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Record heat returns to Florida, followed by big rain

June 5, 2024

Although temperatures have been hot this last week, they have at least remained closer to normal values for this time of year. This is all about to change starting Thursday as winds shift and mainly come from the south. This change is in response to an incoming front that will continue to lose strength as it approaches Florida. The winds coming from the south will allow the temperatures to rise to the mid to upper-90s. The heat doesn't come alone, it comes with deep tropical moisture that will make conditions feel very muggy. Therefore, the temperatures will feel between 105 and 110 F across much of the state.

The mugginess will dominate much of Florida by Thursday morning. Morning temperature across Sarasota and Punta Gorda will be between 75 and 77°. This will come close to breaking records established in the early 2010s.

By Friday, the winds will be mainly out of the southwest. This will bring all the heat, gathered over land, and dump it along the East Coast of Florida, from the Space Coast Southward to Miami.

Miami and Fort Lauderdale could break new records and the high temperature is likely to reach 95°F on Friday. The afternoon temperature for West Palm Beach is also forecast to beat a record established in 1998 of 94°F.

On Saturday and Sunday, record temperatures will be possible across the I-4 corridor, from Tampa to Orlando, and along I-95, from Melbourne to Miami. Highs could range between 94° and 97° and with the humidity, the temperatures will feel as if they were above 105°F.

Deep tropical moisture arrives

And if you’re wondering about the front mentioned before, do not expect it to bring any significant changes. The front will be losing intensity north of Florida.

We will have a deep tropical air mass, arriving in the state late this weekend. This translates to numerous downpours and high rainfall from the start through the middle of the week. We are monitoring closely the onset of the showers and their origin. As of now, most models show the highest rainfall across southern Florida. Some areas could receive up to 5 inches between Sunday and Wednesday. Check back by Friday as we will continue to bring you updates on the radio and this site.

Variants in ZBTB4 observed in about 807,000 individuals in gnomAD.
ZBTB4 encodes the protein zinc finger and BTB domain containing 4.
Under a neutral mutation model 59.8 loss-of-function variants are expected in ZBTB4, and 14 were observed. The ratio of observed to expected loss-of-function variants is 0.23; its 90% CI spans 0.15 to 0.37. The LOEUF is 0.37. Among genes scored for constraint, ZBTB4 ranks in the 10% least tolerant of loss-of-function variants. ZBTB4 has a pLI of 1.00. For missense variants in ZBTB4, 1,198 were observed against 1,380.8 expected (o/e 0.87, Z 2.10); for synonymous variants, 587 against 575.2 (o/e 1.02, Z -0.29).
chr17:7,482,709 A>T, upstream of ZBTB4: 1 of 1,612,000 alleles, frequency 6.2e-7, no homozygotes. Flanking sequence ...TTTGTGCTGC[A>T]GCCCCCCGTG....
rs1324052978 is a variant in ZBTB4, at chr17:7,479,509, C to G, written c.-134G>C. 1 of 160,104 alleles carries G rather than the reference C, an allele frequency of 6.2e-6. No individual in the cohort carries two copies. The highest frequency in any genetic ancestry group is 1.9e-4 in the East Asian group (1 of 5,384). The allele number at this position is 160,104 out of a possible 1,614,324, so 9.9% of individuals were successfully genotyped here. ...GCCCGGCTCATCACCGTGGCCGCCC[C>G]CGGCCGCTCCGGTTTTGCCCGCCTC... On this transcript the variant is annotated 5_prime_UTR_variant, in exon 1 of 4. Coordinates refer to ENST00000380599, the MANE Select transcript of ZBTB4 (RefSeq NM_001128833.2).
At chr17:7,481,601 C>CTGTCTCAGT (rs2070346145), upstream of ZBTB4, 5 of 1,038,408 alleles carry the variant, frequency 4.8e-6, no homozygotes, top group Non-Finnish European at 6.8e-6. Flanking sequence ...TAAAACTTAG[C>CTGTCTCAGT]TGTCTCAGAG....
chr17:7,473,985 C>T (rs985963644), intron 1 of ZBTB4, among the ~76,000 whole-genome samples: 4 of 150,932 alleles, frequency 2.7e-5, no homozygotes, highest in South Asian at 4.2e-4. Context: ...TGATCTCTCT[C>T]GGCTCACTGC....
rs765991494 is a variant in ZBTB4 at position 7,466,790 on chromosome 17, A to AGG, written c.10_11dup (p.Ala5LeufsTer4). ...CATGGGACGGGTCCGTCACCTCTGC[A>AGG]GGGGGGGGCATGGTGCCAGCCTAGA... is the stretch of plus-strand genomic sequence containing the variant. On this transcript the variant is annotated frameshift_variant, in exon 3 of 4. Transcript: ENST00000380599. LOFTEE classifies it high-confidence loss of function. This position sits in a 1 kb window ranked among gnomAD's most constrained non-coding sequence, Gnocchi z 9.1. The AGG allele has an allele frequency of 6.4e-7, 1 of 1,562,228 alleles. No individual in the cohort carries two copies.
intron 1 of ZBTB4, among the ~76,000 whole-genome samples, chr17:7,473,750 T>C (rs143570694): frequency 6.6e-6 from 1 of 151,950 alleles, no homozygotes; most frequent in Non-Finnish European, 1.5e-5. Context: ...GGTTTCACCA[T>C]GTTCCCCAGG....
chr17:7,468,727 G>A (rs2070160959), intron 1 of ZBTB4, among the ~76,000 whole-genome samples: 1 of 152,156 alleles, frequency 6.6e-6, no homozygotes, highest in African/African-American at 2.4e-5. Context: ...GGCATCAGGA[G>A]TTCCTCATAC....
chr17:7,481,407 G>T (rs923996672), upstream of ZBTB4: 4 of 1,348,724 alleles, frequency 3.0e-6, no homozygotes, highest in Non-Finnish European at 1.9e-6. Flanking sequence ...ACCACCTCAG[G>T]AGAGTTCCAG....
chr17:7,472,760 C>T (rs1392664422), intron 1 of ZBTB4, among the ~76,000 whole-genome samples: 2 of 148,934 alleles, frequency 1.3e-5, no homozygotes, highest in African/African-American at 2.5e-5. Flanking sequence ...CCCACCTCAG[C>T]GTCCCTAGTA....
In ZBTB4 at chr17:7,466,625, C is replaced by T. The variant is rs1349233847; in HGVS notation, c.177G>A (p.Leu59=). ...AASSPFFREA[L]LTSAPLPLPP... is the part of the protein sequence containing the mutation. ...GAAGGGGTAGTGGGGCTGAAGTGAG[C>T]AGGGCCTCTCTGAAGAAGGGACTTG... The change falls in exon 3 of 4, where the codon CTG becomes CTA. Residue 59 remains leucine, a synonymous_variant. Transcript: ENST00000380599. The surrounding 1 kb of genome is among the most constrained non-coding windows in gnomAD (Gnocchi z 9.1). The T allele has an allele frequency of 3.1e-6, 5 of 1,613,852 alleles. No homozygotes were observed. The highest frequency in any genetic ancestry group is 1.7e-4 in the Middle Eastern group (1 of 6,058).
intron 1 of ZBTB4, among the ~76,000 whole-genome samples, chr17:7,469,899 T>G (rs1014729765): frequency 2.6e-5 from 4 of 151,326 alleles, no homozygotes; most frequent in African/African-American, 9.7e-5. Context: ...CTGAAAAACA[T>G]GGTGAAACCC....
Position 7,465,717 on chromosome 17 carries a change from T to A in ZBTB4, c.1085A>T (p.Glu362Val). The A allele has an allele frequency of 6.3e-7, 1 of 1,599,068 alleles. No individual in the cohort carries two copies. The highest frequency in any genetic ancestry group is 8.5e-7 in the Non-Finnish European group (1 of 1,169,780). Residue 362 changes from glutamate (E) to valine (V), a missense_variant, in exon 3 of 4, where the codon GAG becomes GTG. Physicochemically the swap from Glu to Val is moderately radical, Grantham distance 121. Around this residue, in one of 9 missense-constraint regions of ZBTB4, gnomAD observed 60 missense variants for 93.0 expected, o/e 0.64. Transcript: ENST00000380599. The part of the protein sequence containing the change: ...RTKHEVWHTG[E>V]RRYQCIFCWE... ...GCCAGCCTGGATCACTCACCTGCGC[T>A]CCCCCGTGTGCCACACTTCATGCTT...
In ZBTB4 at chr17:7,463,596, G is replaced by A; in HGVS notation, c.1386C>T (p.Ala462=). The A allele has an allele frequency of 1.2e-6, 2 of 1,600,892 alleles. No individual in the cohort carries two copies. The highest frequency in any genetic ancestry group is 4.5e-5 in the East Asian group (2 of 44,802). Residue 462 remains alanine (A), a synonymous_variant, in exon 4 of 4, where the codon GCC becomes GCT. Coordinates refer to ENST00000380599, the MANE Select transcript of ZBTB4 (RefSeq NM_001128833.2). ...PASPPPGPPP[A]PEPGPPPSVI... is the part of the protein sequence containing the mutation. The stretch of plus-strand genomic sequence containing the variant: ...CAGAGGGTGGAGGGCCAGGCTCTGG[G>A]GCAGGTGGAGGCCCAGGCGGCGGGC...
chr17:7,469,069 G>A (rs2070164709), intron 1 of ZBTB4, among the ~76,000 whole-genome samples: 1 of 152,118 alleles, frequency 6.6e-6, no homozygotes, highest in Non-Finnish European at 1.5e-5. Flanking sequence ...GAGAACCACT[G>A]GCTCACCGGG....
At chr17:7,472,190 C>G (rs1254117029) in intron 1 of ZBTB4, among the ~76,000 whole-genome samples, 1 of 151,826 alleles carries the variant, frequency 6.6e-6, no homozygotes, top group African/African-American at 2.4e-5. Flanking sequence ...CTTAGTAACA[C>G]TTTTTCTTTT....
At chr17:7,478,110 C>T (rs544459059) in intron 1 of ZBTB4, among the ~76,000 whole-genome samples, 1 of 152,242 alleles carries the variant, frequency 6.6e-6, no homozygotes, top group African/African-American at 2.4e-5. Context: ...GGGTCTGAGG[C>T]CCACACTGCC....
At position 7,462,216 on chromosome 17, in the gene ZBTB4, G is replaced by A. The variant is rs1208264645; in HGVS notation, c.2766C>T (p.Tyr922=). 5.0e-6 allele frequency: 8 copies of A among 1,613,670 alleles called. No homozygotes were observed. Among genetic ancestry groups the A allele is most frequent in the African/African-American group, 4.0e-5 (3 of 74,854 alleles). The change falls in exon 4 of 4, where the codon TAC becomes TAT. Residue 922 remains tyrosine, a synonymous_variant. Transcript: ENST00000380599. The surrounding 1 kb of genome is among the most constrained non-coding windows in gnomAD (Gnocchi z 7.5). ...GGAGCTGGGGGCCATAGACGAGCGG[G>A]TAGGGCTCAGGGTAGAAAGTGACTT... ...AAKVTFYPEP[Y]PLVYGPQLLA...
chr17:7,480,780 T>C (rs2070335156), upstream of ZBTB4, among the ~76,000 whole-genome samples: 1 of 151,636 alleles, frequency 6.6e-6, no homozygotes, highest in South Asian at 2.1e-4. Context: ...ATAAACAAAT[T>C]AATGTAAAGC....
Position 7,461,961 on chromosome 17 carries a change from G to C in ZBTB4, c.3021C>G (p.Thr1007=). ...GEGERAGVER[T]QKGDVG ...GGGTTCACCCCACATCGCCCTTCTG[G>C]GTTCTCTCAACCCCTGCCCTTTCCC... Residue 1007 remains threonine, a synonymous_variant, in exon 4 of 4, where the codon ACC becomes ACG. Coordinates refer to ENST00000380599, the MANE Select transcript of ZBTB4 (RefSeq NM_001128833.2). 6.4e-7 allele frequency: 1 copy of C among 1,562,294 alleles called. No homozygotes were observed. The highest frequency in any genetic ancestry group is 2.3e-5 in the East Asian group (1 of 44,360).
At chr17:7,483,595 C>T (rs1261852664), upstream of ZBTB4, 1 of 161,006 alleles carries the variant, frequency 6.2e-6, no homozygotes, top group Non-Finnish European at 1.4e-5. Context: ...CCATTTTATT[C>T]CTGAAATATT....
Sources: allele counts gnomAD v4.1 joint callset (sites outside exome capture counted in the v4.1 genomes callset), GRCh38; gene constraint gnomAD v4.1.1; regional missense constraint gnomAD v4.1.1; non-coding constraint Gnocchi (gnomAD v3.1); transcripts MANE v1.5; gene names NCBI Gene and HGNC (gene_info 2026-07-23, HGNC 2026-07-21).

Remember, hurricane season is here, and although we have started the season quietly without a named tropical system, things could quickly change. June storms tend to form closer to land from the remnant energy of frontal boundaries. So make sure you continue to monitor the weather closely. June is barely starting and June systems tend to be messy, not big wind makers, but high rainfall makers.

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Sources include nearest National Weather Service office, National Hurricane Center, and the Florida Public Radio Emergency Network (@FloridaStorms).
Sources include nearby emergency management agencies, FEMA, and your local NPR affiliate. 
Sources include the Florida Department of Transportation, Florida Highway Patrol and other nearby traffic information.

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Partners of the Florida Public Radio Emergency Network include: Florida's Division of Emergency Management, WDNA (Miami), WFIT (Melbourne), WMFE (Orlando), WFSU (Tallahassee), WGCU (Fort Myers), WJCT (Jacksonville), WKGC (Panama City), WLRN (Miami), WMNF (Tampa-Sarasota), WQCS (Fort Pierce), WUFT (Gainesville-Ocala), WUSF (Tampa), WUWF (Pensacola) and Florida Public Media.

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